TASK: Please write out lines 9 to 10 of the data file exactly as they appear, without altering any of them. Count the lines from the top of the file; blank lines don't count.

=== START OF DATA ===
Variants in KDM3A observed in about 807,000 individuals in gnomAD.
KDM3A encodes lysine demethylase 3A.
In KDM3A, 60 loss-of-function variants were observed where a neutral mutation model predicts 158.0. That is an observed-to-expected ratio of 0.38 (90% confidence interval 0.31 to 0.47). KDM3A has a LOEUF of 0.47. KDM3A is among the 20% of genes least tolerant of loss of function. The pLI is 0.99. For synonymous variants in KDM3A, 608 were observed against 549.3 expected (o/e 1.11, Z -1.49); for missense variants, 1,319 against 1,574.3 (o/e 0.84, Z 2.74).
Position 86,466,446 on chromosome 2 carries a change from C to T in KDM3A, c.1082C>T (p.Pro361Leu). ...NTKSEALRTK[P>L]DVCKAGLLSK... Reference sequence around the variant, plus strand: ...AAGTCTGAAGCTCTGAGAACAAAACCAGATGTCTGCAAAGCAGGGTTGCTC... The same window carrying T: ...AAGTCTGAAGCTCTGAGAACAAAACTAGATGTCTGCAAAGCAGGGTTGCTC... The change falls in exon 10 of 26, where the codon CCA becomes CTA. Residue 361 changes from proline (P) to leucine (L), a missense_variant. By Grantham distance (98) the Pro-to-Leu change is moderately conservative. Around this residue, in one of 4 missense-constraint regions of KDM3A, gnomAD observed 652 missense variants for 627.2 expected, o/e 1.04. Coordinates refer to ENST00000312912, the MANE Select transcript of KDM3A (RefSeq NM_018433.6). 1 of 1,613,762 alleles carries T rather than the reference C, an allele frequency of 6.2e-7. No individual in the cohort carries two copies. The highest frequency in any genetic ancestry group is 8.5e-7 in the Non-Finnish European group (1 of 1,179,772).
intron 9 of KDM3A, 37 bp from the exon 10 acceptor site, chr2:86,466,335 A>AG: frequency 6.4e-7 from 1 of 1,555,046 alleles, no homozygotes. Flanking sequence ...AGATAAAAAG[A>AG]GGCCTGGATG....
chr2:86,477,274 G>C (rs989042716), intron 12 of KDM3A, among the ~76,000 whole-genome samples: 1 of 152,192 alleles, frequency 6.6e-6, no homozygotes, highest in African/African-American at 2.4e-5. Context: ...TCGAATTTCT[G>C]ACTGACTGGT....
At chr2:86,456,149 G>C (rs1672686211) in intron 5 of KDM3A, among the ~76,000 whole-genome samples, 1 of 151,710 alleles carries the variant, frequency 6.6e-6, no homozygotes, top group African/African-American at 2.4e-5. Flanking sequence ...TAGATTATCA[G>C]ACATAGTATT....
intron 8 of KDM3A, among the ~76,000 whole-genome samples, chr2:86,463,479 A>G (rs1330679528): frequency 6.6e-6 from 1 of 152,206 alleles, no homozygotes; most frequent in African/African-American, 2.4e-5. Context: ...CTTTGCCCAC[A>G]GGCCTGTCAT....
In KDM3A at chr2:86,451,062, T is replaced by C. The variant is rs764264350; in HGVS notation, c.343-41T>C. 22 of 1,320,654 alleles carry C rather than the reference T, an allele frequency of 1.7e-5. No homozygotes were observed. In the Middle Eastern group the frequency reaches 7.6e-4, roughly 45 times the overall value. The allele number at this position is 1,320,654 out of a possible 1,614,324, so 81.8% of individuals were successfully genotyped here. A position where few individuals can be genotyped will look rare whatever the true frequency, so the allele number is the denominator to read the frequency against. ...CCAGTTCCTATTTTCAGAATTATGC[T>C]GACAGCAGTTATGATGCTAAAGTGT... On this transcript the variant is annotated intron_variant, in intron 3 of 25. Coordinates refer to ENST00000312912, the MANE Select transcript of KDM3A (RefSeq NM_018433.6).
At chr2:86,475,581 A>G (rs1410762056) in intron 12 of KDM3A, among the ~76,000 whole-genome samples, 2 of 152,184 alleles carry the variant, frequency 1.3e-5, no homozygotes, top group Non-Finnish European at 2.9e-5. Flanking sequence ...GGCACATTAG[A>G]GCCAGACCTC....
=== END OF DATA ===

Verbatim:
In KDM3A at chr2:86,451,062, T is replaced by C. The variant is rs764264350; in HGVS notation, c.343-41T>C. 22 of 1,320,654 alleles carry C rather than the reference T, an allele frequency of 1.7e-5. No homozygotes were observed. In the Middle Eastern group the frequency reaches 7.6e-4, roughly 45 times the overall value. The allele number at this position is 1,320,654 out of a possible 1,614,324, so 81.8% of individuals were successfully genotyped here. A position where few individuals can be genotyped will look rare whatever the true frequency, so the allele number is the denominator to read the frequency against. ...CCAGTTCCTATTTTCAGAATTATGC[T>C]GACAGCAGTTATGATGCTAAAGTGT... On this transcript the variant is annotated intron_variant, in intron 3 of 25. Coordinates refer to ENST00000312912, the MANE Select transcript of KDM3A (RefSeq NM_018433.6).
At chr2:86,475,581 A>G (rs1410762056) in intron 12 of KDM3A, among the ~76,000 whole-genome samples, 2 of 152,184 alleles carry the variant, frequency 1.3e-5, no homozygotes, top group Non-Finnish European at 2.9e-5. Flanking sequence ...GGCACATTAG[A>G]GCCAGACCTC....